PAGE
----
Parly petitioned over revenge pornography

Lloyd Gumbo Senior Reporter
A local non-governmental organisation, Katswe Sisterhood, has petitioned Parliament to enact a law barring revenge pornography to protect individuals from having their nude pictures or videos published without their consent. Revenge pornography is defined as the distribution of sexually explicit pictures or videos of an individual without their consent mainly done by a scorned ex-lover to seek revenge after a relationship has gone sour.

National Assembly Speaker, Advocate Jacob Mudenda, told Members of Parliament last week that the petition had since been forwarded to the Parliamentary Portfolio Committee on Justice, Legal and Parliamentary Affairs.

“I have to inform the House that on 19th February, 2016, I received a petition from Katswe Sisterhood imploring Parliament to urgently enact an appropriate legislation to protect people from non-consensual publication of explicit material,” said Adv Mudenda.

“The petition has been referred to the Portfolio Committee on Justice, Legal and Parliamentary Affairs in terms of Standing Order Number 186 of the National Assembly Standing Rules and Orders.”

According to the Constitution, every citizen has a right to petition Parliament so that it can enact a law.

Section 149 (1) states that; “Every citizen and permanent resident of Zimbabwe has a right to petition Parliament to consider any matter within its authority, including the enactment, amendment or repeal of legislation.”

Subsection (2) adds that: “The manner in which petitions are to be presented to Parliament, and the action that Parliament is to take on presentation of a petition, must be prescribed in Standing Orders.” Both mainstream media and social media have been publishing explicit materials such as sex tapes and nude pictures.

Katswe Sisterhood is a young women-led movement fighting for the full attainment of Sexual and Reproductive Health and Rights (SRHR) by women in Zimbabwe.

In the petition seen by The Herald, the NGO said it was concerned by the growing use of explicit images and film footage (non-consensual publication of explicit material); to humiliate, intimidate, dehumanise and degrade people’s lives in general and women’s lives and livelihoods in particular.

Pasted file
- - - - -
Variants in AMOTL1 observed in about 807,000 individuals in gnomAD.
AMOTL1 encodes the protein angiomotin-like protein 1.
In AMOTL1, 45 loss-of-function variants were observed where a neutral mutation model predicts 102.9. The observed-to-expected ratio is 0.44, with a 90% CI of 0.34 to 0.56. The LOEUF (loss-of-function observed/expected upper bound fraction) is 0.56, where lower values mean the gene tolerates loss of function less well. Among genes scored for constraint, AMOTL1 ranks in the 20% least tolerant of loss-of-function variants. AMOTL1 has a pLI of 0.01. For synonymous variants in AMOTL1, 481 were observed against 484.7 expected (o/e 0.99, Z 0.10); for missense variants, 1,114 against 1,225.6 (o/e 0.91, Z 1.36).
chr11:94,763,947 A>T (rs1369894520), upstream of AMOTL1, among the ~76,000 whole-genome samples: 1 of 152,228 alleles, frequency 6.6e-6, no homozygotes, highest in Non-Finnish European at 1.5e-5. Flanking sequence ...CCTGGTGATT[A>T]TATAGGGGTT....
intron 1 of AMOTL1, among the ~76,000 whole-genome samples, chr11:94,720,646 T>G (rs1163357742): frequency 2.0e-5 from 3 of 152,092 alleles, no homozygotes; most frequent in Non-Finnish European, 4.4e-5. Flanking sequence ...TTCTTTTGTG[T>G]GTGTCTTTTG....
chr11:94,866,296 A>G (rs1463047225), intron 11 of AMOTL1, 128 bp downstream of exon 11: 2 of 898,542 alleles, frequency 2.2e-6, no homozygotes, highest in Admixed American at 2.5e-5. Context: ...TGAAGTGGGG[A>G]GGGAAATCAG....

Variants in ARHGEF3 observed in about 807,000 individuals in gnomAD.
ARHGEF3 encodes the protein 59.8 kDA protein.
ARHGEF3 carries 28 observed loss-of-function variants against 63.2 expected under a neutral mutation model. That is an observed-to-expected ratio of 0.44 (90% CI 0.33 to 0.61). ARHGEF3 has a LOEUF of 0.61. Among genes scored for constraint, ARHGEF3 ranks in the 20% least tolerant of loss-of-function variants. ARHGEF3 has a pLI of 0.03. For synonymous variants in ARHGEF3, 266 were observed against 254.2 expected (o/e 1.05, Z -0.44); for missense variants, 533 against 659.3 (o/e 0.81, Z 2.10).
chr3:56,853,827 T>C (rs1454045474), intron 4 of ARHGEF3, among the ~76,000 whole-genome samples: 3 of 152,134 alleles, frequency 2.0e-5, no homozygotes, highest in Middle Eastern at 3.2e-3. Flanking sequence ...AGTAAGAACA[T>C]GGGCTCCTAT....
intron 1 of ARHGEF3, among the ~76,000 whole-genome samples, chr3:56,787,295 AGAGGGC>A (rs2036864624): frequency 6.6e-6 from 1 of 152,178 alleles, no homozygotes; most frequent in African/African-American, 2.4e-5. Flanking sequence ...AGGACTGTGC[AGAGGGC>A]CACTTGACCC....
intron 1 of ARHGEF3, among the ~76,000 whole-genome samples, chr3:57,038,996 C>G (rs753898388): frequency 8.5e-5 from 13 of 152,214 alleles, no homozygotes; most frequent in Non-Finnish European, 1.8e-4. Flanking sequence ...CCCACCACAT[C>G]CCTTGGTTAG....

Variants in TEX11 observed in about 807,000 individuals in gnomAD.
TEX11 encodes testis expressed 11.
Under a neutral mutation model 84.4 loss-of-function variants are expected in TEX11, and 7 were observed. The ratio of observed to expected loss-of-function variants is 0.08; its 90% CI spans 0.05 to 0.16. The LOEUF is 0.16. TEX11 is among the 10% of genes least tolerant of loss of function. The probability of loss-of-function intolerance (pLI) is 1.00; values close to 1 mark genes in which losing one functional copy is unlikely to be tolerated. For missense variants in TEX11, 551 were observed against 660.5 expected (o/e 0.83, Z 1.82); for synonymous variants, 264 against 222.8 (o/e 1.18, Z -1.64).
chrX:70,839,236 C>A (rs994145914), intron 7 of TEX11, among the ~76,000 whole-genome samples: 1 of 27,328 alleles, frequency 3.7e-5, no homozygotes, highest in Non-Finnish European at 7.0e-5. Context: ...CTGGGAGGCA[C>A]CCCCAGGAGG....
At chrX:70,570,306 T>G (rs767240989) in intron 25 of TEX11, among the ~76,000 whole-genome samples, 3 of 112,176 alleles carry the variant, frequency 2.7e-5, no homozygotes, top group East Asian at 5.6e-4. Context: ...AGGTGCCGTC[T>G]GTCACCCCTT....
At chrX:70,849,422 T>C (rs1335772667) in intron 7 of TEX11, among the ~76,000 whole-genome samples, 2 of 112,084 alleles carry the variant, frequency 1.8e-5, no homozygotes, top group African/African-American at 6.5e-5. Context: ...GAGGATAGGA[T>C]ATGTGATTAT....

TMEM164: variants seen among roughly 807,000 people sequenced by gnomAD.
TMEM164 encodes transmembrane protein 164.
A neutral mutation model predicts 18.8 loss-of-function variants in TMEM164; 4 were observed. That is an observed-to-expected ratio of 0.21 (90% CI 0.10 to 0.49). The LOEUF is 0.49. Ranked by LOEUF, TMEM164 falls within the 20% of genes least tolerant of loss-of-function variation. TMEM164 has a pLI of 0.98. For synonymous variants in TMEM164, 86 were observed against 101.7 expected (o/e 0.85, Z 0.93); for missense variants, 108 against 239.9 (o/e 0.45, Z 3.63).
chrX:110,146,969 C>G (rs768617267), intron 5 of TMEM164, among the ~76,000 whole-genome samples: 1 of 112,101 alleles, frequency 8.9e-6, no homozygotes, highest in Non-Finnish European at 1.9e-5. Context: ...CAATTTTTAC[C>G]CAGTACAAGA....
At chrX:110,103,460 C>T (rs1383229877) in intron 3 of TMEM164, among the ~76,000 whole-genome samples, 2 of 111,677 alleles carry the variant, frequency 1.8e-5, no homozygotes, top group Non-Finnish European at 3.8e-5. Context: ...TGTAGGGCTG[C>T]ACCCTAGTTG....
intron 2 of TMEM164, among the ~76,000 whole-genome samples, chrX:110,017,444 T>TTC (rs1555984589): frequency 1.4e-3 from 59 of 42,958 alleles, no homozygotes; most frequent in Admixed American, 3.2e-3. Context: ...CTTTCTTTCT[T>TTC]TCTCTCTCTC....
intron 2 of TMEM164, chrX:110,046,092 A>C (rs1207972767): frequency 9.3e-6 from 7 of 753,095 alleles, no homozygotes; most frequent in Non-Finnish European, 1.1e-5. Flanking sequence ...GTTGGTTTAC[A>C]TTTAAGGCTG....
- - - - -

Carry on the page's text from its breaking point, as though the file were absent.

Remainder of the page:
“Extremely concerned by the devastating effect which such publications have had on women’s lives and livelihoods;

“Disturbed by the absence of a criminal law protecting the privacy of private communications involving sexual expression from publication without a subject’s consent;

“Aware of the fact that the criminal justice system allows victims without the resources for private legal action to get redress in a public forum;

“Recognising the enactment of laws to protect victims from non-consensual publication of explicit materials in other jurisdictions;

“Desirous of a society in which free expression is protected and people are protected from malicious publication of film and image for the sole purpose of causing harm, distress, humiliation and degradation;

“Now therefore the petitioners implore the National Assembly of the Parliament of Zimbabwe to reaffirm their commitment to free expression including private expressions of purely private matters; acknowledge the need for a sexual privacy law to remedy the harm and distress suffered by victims of non-consensual publication of explicit material and to quickly enact a law which prohibits the distribution of privately captured sexually explicit material without the subject’s consent.

“Wherefore your petitioners pray that your Honourable House will be pleased to take our case into favourable consideration, and allow for; the enactment of appropriate legislation to protect people from non-consensual publication of explicit materials,” read the petition.

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  • Mart

    Legally speaking pornography is outlawed in Zimbabwe so there should be no such thing as revenge porn in Zimbabwean statutes. You can’t legislate for that which does not exist. In any case if you don’t control the internet you can’t control what goes there so this is a futile exercise. If servers that host these websites are not physically located in Zimbabwe there is no one in Zimbabwe who can stop it. The police can’t police the internet bcz they are not technologically capable of doing so. If the CIA is struggling with an iPhone what more for our button-stick-carrying ZRP?